I was always good at hide and seek. While being small for my age sucked most of the time, it was one of my biggest assets when hiding. Combine that with my flexibility I’d developed from being in gymnastics classes since I was four, everyone wanted me on their team when we played. Keep in mind this was before kids had video games and cell phones; if it sounds like we played a lot of hide and seek and that seems weird, well, maybe now it is. Back then, though, we didn’t have anything else to do.
Maggie’s family didn’t have much money and they lived a few blocks away from the junkyard. When the wind blew in a certain direction, their house smelled pretty bad. We got used to it, though, and we still liked hanging out there. Her parents were nice and always gave us chips and soda. I think they were happy Maggie had friends and wanted to make sure we kept visiting her. That didn’t cross my mind at the time, though. All I cared about were the chips and soda. I liked Maggie; don’t get me wrong, but chips and soda were chips and soda.
During the summer months, despite being told not to, our small group would hop the fence of the junkyard and play hide and seek amidst the piles of old cars and dishwashers and microwave ovens. The one guy who worked there, Luis, didn’t seem to care. “Don’t do anything stupid,” he’d tell us, before retreating back to the little shed that housed his television and beer.
On Maggie’s birthday in August, her parents threw a surprise party. All in all, about 20 kids showed up. She had a great time and I was pleased that the wind wasn’t blowing the smell of garbage into the party. A lot of the kids hadn’t been there before and I didn’t want them to be mean to Maggie or her parents if the place stunk. After cake and an impromptu water fight, a few kids left but about 14 of us remained to play hide and seek. For such a big game, we split into two teams – creatively named the Hiders and the Seekers. I was a Hider.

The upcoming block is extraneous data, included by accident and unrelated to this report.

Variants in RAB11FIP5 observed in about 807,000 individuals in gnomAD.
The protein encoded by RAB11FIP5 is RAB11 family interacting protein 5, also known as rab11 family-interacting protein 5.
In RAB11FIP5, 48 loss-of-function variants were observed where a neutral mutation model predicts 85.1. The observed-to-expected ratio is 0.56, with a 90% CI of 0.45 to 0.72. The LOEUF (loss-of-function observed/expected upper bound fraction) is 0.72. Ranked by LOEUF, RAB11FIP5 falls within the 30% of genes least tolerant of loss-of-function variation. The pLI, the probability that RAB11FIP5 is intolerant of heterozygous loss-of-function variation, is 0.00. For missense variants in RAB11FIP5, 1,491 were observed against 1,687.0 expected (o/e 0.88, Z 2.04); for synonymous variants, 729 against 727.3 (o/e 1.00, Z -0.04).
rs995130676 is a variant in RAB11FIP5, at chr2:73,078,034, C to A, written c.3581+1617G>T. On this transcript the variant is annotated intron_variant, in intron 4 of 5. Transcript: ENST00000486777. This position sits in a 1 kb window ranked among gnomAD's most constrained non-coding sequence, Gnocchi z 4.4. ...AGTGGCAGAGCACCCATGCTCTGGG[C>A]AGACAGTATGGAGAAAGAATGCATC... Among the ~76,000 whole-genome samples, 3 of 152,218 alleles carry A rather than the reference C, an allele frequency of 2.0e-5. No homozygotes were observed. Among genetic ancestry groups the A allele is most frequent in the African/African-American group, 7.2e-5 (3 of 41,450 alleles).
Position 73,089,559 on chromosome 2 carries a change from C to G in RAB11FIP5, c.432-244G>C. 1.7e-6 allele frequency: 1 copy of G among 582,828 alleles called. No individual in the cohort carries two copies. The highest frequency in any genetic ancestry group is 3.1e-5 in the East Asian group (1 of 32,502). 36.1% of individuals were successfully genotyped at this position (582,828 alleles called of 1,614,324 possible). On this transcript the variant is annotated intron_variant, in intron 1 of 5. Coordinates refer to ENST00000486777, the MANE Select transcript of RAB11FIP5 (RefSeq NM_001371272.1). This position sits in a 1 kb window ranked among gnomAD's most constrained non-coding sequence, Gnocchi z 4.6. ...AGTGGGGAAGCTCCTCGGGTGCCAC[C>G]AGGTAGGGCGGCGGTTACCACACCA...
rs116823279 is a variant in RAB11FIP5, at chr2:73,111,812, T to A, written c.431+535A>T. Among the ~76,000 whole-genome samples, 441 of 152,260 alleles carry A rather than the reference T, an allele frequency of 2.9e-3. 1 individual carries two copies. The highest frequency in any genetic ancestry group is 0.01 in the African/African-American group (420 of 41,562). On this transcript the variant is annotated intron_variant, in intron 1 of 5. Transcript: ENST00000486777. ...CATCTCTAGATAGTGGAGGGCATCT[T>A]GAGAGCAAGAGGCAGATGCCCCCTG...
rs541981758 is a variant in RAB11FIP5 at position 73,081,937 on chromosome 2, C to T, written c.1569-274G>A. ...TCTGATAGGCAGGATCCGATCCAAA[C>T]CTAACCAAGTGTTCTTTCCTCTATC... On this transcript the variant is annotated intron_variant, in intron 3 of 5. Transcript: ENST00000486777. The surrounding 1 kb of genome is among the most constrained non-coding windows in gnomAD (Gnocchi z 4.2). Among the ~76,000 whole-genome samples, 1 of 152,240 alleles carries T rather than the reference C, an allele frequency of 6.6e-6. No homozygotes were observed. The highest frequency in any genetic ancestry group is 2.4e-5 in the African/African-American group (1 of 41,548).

The whole neighborhood was fair game. The only catch was we weren’t allowed to hide in someone’s house. The Hiders would have ten minutes to hide before the Seekers would come out of Maggie’s living room and go looking for them. The penalty for being found was a water balloon to the face. If the Seekers couldn’t find everyone from the other team in an hour, all the Seekers would get water ballooned. I didn’t want to be found. I really, really wanted to be the one to throw a water balloon in Javier’s face. Javier was a dick.
The moment our team was told to go hide, I took off like a shot for the junkyard. The other day when we were hanging around in there, I saw the perfect hiding spot for the next time we were going to play. As I ran, I saw a few kids jumping in bushes or climbing way up into trees. I remember thinking how great the trees were for hiding. The leaves were so thick you couldn’t even see the individual branches. I was really excited for my team to win, even if I ended up getting found.
Once I hopped the fence to the junkyard, I made a beeline for that perfect hiding spot. An old refrigerator. I was moderately dismayed when I opened the door and there was still some gross, rotting food in there. I pulled it out as quick as I could, hid the stuff on the other side of a crumpled car, and jumped inside. Now, keep in mind even though I was young, I wasn’t completely stupid. The fridge had a couple holes in the side that were probably from whatever piece of machinery had moved it. I knew I’d be able to breathe without a problem. So, I situated myself at the bottom of the compartment, tucked my legs to my chest, and closed myself in using the shelf in the door.